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Posse Comitatus Act: Federal DUI Enforcement at Wright-Patterson AFB

November 10th, 2009
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Question: A client gets stopped by U.S. Air Force security personnel at the gate at Wright-Patterson Air Force Base on suspicion of drunk driving.  Civilian client is then taken onto the base where he is given a breath test by a U.S. Air Force technician.  Civilian client is then cited and receives a summons to appear in Federal Court.  At no time during this process does he come in contact with any “civilian” law enforcement officer.  When the client comes to my office he asks how “military” forces have jurisdiction to enforce Ohio laws against civilians.  Going on he asks, “Doesn’t my arrest violate the Posse Comitatus Act, 18 U.S.C. sec. 1385?”  The Posse Comitatus Act prohibits the use of military personnel in civilian law enforcement matters.  So how can they get away with arresting civilians for DUI at WPAFB?

Answer: In Anchorage v. King, 754 P.2d 283 (Alaska App. 1988) a defendant was arrested by Air Force police at the gate of an Air Force base.  At trial he moved to suppress the subsequent breath test on the grounds that the Posse Comitatus Act prevents the “willful use” of the military for enforcement of civilian law.  The trial court agreed.  The Court of Appeals reversed, holding that the purpose of the Posse Comitatus Act was to “limit the direct and active use of the military by civilian law from the exercise of regulatory or proscriptive military authority.  The Court of Appeals relied on Harker v. State, 637 P.2d 716, 719 (Alaska App. 1981), affirmed 663 P.2d 932 (Alaska 1983), which held that “passive activities of military authorities that incidentally aid civilian law enforcement…are not precluded by the statute.”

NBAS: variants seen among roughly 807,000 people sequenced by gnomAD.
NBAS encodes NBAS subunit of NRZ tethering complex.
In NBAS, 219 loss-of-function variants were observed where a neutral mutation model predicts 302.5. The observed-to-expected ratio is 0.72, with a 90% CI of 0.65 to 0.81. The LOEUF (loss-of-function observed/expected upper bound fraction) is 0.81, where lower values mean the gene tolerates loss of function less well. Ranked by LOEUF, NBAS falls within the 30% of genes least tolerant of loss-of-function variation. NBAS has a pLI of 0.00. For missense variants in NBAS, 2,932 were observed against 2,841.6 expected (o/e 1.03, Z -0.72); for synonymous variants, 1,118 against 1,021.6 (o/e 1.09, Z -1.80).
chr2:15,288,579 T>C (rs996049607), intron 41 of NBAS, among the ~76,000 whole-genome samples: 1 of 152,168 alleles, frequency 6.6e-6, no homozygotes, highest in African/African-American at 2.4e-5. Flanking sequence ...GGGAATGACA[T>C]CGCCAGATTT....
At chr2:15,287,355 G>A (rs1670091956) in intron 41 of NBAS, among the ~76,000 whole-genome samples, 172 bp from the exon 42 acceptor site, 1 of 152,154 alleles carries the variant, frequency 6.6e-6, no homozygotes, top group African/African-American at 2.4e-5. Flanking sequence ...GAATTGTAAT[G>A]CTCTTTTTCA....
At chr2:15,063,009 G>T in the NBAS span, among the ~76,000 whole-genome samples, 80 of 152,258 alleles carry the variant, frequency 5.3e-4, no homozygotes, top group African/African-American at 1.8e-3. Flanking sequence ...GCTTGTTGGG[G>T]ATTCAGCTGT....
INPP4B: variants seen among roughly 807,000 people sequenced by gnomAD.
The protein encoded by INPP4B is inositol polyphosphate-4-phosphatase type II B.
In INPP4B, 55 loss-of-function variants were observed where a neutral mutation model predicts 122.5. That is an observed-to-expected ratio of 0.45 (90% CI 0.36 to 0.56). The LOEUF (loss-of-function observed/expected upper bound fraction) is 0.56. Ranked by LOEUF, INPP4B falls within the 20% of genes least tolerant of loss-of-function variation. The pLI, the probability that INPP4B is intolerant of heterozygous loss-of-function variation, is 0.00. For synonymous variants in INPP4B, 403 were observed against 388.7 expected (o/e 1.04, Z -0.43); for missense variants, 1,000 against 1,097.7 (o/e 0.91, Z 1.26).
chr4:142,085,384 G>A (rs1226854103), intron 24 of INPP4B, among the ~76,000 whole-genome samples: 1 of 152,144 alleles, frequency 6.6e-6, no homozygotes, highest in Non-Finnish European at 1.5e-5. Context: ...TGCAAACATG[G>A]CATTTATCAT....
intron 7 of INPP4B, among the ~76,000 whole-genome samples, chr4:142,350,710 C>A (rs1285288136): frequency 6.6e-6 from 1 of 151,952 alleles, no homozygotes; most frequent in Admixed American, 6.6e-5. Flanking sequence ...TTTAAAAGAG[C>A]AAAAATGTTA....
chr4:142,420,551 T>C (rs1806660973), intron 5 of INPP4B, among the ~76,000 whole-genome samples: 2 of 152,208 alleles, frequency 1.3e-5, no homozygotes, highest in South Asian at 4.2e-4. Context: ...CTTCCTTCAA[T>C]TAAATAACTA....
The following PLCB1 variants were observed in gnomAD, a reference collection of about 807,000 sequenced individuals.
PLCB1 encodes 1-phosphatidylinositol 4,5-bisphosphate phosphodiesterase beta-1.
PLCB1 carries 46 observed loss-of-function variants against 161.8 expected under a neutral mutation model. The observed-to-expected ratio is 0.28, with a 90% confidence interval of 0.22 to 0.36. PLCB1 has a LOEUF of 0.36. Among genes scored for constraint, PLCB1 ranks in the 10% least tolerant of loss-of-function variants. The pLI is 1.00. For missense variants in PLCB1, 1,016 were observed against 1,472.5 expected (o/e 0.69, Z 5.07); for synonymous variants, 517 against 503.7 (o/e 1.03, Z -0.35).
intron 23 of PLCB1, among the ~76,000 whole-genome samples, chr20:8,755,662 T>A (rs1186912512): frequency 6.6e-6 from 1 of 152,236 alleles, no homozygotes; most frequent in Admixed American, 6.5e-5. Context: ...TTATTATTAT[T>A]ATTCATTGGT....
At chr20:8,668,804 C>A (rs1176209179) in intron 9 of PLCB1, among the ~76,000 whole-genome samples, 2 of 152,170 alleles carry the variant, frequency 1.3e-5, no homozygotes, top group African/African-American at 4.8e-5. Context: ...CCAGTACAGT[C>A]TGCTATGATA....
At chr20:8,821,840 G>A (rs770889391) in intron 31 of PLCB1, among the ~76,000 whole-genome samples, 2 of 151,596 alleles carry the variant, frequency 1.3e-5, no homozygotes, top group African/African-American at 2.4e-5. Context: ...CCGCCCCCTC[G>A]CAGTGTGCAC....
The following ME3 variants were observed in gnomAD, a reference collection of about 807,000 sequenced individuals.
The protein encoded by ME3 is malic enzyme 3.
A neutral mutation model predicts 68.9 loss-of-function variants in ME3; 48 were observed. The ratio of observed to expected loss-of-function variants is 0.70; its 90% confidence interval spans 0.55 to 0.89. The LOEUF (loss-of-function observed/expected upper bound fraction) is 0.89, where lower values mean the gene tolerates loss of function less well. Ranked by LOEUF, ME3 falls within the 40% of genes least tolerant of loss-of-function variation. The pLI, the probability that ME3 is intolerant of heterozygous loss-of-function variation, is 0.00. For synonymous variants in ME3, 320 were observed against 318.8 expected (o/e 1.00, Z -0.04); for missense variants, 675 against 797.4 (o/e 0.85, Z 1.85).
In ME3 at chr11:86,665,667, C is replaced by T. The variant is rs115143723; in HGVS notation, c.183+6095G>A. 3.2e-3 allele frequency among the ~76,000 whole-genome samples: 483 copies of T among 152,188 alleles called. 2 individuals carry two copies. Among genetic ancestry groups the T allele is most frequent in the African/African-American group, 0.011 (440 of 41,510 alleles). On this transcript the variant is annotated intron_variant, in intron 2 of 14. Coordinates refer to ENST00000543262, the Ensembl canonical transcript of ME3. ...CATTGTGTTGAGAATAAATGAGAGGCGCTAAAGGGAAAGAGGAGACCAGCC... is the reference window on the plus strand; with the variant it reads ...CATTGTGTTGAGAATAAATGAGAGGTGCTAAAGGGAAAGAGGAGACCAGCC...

Washington also addressed this issue. In AirwayHeights v. Dilley, 724 P.2d 407 (Wash. App. 1986) a defendant was taken to the closest and most convenient testing facility which happened to be on an Air Force base.  Relying upon a decision from the United States Court of Appeals for the Eighth Circuit which held that “[i]t cannot be said that the Posse Comitatus Act was violated, given the practically non-existent military force used here. While it may be wrong to engage military force to enforce civilian law, engaging military expertise alone does not violate the Act.”

Public Policy Considerations:  I would love to challenge roving patrols, participation in saturation patrols, roadside checkpoints or DUI task forces which involve use of military personnel.  To my knowledge no personnel from WPAFB are used for these purposes.  It is also practical to note that the gate area is United States property and that those posted there have a duty to protect the persons on the base from drunk drivers.  Using this pragmatic approach, as long as the drunk driver goes to the base and the base does not come after the drunk driver, the Posse Comitatus Act is not violated.

Research: Defending Drinking Drivers, Vol. 1, Barone (2009 ed.)